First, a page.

by Fan Railer
 
eolesen wrote:How hard is it for people to accept the fact that these won't have genset HEP?.....

The F59's came as-is from Amtrak. The SD70MACH's will come from rebuild.
I think people are also forgetting that most SD70MACs have an as-built weight of 415,000 lbs. Assuming an upper limit of 432,000 lbs, that doesn't leave a lot of wiggle room to work with in terms of adding in an ENTIRE genset skid (diesel engine, alternator, associated framing and electrical wiring, fuel lines, exhaust manifolds, etc). They're already being rebuilt with Tier III 16-710s, which comes with additional cooling systems, so you've already lost some of the 17k lbs wiggle room you started with. And that doesn't even consider the question of where within the locomotive you'd fit such a skid without lengthening the body 4-6 feet: https://web.archive.org/web/20041114163 ... MAC_EN.pdf" onclick="window.open(this.href);return false;
  by eolesen
 
There could be more wiggle room if the fuel tank is reduced from 5000 gals down to 1500 or 2000 (the F40PH's came with a 1500 capacity).

A 3,000 gal fuel reduction should take off around 18,000 lbs, plus the steel is probably another 2,000 lbs.
  by Fan Railer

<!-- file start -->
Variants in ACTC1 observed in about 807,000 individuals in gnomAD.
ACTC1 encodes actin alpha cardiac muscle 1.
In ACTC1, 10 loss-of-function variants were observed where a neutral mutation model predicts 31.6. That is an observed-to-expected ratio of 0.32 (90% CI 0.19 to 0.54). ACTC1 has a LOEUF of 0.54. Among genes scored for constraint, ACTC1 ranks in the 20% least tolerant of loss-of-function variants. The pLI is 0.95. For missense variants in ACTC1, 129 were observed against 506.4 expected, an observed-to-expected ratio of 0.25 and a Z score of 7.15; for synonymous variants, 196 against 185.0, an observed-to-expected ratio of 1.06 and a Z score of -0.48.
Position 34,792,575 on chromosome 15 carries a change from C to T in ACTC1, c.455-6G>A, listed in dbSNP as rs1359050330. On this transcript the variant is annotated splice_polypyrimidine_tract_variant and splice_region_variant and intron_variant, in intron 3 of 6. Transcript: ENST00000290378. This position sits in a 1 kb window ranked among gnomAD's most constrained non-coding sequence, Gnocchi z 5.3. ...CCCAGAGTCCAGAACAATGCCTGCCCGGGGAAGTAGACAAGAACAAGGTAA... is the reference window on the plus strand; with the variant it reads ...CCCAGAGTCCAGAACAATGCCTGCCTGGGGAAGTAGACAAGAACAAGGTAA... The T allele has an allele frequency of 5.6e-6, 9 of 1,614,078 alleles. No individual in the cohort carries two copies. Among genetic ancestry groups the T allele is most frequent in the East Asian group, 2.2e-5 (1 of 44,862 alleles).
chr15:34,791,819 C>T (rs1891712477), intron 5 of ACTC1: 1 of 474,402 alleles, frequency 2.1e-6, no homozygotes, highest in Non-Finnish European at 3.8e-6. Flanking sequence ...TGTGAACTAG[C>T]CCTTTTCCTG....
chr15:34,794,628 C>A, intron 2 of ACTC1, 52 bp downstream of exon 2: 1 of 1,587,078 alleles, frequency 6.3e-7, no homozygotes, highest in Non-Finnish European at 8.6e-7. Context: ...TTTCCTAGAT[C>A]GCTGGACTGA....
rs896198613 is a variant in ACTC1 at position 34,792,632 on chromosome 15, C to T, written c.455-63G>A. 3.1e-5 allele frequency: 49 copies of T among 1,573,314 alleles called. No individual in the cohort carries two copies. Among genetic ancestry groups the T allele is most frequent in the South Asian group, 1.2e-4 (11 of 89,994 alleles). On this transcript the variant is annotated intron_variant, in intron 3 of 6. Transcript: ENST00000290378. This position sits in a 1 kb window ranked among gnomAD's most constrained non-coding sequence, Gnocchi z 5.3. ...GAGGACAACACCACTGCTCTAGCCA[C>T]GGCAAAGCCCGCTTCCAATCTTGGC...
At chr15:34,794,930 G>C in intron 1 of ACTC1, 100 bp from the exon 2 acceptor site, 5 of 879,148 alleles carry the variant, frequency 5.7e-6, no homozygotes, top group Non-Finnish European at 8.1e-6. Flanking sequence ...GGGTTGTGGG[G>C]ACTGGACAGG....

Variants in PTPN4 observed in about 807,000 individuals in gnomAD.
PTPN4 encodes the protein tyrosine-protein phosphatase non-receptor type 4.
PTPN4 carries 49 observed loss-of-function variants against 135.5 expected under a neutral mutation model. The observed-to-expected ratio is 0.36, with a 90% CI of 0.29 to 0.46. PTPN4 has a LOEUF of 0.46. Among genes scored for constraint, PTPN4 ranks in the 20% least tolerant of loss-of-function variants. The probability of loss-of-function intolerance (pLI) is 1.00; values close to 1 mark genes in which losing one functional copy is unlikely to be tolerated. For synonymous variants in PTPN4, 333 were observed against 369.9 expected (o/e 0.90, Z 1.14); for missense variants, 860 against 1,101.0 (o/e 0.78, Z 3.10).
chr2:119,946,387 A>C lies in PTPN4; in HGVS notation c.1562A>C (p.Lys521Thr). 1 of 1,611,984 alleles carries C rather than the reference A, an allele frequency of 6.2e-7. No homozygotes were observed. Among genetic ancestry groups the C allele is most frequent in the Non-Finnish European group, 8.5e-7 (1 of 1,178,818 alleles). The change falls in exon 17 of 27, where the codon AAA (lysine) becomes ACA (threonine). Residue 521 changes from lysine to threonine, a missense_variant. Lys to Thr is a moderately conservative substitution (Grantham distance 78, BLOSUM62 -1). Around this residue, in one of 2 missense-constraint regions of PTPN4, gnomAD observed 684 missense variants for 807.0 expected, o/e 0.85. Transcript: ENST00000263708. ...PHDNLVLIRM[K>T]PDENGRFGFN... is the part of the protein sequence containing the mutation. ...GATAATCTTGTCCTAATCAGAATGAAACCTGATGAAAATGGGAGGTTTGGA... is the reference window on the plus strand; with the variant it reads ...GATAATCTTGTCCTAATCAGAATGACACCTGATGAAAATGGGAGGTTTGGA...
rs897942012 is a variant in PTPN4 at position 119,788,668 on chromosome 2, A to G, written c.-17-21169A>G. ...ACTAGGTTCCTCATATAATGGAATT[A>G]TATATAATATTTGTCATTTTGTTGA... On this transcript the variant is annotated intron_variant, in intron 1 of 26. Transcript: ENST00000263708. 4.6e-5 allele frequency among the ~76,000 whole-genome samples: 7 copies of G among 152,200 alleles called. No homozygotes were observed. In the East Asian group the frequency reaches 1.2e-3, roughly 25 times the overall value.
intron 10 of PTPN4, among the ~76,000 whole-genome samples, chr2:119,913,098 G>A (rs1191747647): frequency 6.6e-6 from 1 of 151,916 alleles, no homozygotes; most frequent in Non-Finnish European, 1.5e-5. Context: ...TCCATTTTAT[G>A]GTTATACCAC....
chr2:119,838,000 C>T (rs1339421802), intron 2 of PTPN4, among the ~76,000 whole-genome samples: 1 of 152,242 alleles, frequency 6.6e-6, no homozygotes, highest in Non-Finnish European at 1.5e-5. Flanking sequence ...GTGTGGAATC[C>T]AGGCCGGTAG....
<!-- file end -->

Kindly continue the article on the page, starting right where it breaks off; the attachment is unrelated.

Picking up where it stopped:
eolesen wrote:There could be more wiggle room if the fuel tank is reduced from 5000 gals down to 1500 or 2000 (the F40PH's came with a 1500 capacity).

A 3,000 gal fuel reduction should take off around 18,000 lbs, plus the steel is probably another 2,000 lbs.
Even if you reduced the fuel tank size, you're pretty short on internal space inside the existing locomotive body. I doubt even adding another 6 feet would create enough space for a genset skid.
  by Gilbert B Norman
 
Tadman wrote: ....not so at Milwaukee
Mr. Dunville, I had "just hired on" at the MILW when the decision was made to operate FP-45's as trailing units only in psssenger service. On A-Day, "we" withheld those units from Amtrak, knowing the potential for "problems" over the road, let alone if they operated over a foreign road (remember, on A-Day, the roads assumed liability for "anything and everything").
  by Tadman
 
I have heard of such practice, and I'm curious if it was related to mechanical issues or ride quality. Either way, methinks the Milwaukee had rotten tracks, as the SP and Santa Fe had great luck with FP45 and SDP45.
  by eolesen
 
Fan Railer wrote: Even if you reduced the fuel tank size, you're pretty short on internal space inside the existing locomotive body. I doubt even adding another 6 feet would create enough space for a genset skid.
It's established fact they're using inverters. Period. There. Will. Not. Be, Genset. Head. End. Power.

Entertaining that any further is a waste of screen pixels.

My comment on the hypothetical reduction in fuel capacity is targeted at the overall weight of the locomotive vs. the other types currently in use.
  by Alcochaser
 
Well I listened to the guy speak.
From the way he talked. These will essentially be new Tier 3 SD70MAC Inverter HEP.
Now from the way he talked, these will be Six inverter locomotive. Under HEP five axles powered, one idle.

These might not even be from current SD70MACs. Progress/EMD holds title to a bunch of ex ATSF/BNSF SD75M and SD75I which would make GREAT rebuild candidates.

Sounds like these will be like the NS SD70ACC but using one of the traction inverters for HEP. Leaving five for traction.